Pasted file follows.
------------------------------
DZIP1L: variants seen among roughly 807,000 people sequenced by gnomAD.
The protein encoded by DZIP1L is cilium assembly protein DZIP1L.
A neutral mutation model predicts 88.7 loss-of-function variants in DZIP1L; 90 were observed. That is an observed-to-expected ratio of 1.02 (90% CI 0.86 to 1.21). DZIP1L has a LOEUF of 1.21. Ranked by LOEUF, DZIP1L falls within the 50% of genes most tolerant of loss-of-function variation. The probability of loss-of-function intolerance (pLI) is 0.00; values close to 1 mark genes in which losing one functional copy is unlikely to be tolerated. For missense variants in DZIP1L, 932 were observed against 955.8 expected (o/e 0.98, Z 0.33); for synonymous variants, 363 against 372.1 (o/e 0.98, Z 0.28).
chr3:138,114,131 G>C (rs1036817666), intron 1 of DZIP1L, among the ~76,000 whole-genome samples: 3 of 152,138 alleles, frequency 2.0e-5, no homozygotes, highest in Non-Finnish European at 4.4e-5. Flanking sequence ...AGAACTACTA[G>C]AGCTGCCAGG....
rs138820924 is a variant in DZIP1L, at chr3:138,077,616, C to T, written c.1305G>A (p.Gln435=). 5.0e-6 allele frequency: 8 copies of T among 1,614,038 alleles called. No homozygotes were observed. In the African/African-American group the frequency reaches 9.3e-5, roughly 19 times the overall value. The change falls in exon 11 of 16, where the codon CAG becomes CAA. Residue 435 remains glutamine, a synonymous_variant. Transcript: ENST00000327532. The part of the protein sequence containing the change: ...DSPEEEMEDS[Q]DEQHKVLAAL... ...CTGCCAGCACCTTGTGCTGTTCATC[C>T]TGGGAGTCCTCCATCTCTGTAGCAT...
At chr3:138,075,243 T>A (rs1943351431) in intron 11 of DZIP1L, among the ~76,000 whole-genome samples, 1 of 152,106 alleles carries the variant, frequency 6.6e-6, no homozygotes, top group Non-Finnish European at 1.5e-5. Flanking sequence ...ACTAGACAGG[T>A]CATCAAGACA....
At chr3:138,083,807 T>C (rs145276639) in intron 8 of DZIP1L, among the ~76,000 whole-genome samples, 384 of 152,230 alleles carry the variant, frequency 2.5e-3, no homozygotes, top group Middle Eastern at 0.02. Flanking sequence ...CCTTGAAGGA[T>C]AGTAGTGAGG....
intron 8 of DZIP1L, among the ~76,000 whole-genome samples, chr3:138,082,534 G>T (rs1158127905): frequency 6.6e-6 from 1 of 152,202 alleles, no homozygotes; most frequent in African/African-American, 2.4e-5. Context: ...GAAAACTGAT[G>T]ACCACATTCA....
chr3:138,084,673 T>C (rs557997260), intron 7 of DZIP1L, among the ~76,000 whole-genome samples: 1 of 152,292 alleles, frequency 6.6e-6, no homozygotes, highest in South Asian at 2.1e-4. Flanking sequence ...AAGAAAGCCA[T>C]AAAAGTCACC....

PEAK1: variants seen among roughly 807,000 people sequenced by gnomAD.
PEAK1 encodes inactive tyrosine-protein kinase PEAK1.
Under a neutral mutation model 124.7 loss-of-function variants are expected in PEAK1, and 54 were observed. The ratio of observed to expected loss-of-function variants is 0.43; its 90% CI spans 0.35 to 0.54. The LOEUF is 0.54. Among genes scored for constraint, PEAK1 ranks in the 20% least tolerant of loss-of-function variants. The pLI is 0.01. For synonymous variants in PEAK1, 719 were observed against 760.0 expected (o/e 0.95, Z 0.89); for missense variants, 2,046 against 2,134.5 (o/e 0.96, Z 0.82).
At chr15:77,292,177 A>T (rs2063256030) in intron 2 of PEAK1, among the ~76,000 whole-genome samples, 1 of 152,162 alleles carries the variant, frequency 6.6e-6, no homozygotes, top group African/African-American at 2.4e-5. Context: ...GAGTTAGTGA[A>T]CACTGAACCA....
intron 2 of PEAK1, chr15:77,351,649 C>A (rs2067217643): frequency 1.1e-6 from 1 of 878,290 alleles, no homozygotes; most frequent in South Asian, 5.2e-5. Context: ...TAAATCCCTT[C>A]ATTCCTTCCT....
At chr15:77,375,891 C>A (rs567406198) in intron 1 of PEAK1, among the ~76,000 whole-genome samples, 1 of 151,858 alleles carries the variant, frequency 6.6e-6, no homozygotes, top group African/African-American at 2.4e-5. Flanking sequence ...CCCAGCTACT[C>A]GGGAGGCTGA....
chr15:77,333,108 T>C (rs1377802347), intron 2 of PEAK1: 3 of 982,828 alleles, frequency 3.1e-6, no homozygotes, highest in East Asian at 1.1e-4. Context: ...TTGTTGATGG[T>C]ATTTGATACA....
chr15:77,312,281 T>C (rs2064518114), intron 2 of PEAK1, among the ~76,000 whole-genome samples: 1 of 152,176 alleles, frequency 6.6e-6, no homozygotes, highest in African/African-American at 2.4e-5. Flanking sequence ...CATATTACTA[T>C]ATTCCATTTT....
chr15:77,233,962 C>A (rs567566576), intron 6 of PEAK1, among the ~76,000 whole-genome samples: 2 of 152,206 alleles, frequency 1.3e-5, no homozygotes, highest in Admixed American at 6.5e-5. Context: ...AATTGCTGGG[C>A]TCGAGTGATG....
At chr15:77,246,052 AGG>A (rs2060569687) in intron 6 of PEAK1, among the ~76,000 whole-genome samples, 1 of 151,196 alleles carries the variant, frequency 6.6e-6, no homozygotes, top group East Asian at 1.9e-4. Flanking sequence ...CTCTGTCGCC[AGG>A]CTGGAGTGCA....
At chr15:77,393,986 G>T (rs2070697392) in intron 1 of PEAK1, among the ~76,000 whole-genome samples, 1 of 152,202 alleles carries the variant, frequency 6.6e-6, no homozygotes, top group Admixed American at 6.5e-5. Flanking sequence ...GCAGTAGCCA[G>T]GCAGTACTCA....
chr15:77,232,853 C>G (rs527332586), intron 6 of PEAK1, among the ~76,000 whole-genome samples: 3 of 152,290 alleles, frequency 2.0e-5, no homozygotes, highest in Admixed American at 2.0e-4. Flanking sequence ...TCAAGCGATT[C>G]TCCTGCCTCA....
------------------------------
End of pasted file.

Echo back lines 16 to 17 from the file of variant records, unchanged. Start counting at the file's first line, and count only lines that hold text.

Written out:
chr15:77,333,108 T>C (rs1377802347), intron 2 of PEAK1: 3 of 982,828 alleles, frequency 3.1e-6, no homozygotes, highest in East Asian at 1.1e-4. Context: ...TTGTTGATGG[T>C]ATTTGATACA....
chr15:77,312,281 T>C (rs2064518114), intron 2 of PEAK1, among the ~76,000 whole-genome samples: 1 of 152,176 alleles, frequency 6.6e-6, no homozygotes, highest in African/African-American at 2.4e-5. Flanking sequence ...CATATTACTA[T>C]ATTCCATTTT....